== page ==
A week into his official presidential campaign, Gov. Ron DeSantis and his political committee are being accused of violating federal election law for transferring $86 million from his state-based political committee to a federal super-PAC backing his candidacy.
The nonpartisan Campaign Legal Center alleged in a 52-page complaint filed Tuesday with the Federal Election Commission that the state-based Friends of Ron DeSantis committee transferred the money to the federally registered Never Back Down Inc., in violation of the federal campaign contribution limit of $5,000.
“The transfer of this colossal sum … is a brazen attempt to circumvent the federal campaign finance rules that are crucial to preventing corruption and establishing transparency about how our federal elections are financed,” the complaint states.
The watchdog group alleges that DeSantis “actively raised money through Friends of Ron DeSantis, in amounts unprecedented for a gubernatorial reelection campaign” and suggested the funds were “blatantly unnecessary after he had already won, particularly since he cannot seek a third term as governor under Florida law.”
Instead, the group suggests, DeSantis used his Florida office to conduct a pseudo-campaign for president with the financing of the state political committee by traveling across the country and to other nations. It cites news reports about the formation of his campaign staff, his strategy “to build a presidential war chest and publicly present himself as a viable presidential candidate,” and a February gathering of potential campaign contributors in Palm Beach.
The complaint said that the governor’s travel to Japan, South Korea, Israel, and the United Kingdom, was “ostensibly to promote international trade, but with a clear goal of promoting his viability as a presidential candidate by bolster[ing] his foreign policy credentials.”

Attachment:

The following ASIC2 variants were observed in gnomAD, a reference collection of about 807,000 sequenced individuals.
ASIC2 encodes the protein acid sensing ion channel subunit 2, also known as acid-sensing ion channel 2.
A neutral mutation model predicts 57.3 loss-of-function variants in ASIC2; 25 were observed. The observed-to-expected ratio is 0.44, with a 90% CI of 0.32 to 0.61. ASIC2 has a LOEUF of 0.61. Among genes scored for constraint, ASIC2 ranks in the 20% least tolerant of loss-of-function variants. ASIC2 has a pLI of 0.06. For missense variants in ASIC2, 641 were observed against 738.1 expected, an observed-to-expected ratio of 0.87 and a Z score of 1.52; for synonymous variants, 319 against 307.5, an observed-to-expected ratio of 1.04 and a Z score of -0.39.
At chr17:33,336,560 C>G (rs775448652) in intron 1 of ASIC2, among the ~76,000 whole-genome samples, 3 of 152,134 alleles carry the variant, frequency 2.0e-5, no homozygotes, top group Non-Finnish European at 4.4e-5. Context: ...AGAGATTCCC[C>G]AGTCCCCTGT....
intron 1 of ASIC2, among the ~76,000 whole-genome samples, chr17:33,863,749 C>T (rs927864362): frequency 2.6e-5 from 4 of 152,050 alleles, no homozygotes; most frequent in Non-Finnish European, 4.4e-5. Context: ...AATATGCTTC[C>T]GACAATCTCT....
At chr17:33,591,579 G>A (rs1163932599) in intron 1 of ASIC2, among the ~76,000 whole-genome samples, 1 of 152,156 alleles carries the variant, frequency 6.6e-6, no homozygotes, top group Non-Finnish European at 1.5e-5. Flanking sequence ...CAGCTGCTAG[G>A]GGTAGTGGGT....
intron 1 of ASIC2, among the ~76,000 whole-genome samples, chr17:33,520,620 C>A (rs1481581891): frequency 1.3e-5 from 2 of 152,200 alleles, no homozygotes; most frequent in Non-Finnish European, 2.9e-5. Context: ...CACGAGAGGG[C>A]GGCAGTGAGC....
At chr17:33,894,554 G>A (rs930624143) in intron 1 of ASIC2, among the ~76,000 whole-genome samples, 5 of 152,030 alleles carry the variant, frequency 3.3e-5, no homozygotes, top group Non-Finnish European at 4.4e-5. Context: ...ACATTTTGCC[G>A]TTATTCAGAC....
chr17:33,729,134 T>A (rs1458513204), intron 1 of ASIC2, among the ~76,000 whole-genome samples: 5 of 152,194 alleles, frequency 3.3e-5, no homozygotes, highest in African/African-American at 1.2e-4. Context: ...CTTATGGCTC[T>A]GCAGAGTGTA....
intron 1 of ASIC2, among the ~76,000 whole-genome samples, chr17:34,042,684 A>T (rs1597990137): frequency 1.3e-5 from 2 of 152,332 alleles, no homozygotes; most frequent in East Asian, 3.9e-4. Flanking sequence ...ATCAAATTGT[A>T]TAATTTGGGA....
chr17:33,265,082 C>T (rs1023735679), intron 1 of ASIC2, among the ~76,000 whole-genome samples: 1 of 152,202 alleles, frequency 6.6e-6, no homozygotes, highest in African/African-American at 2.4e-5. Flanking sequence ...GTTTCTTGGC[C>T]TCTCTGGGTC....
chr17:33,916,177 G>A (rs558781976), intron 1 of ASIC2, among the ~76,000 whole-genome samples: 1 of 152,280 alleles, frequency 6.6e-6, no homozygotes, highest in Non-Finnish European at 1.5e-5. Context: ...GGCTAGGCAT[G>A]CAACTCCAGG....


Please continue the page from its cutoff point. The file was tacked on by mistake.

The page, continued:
On May 15, the governor attempted to distance himself from the state political committee when the committee filed papers with the Florida Secretary of State to be renamed the Empower Parents PAC, which is now led by DeSantis supporter and state Sen. Blaise Ingoglia, R-Spring Hill.
DeSantis’ former Florida PAC also gave $1 million to a similarly named Florida committee called Empower Parents Florida, which was established the same day that the former DeSantis PAC changed its leadership. Florida House Speaker Paul Renner, R-Palm Coast, is chairperson.
Ingoglia, who is chairperson of the former DeSantis state committee, said the goal of the $1 million contribution is “to help fulfill our political committee’s mission of supporting issues and candidates who are committed to parental rights in education. They share the same principles and we wanted to support their efforts.”
$86 million leftover from reelection as governor
By the time DeSantis officially became a candidate on May 24, his state-based committee had raised more than $225 million and spent $140 million, leaving $86 million in soft money that the complaint alleges is intended to be used by Never Back Down Inc., which was formed in March by ex-Trump allies to “encourage” DeSantis to run for president, the complaint says.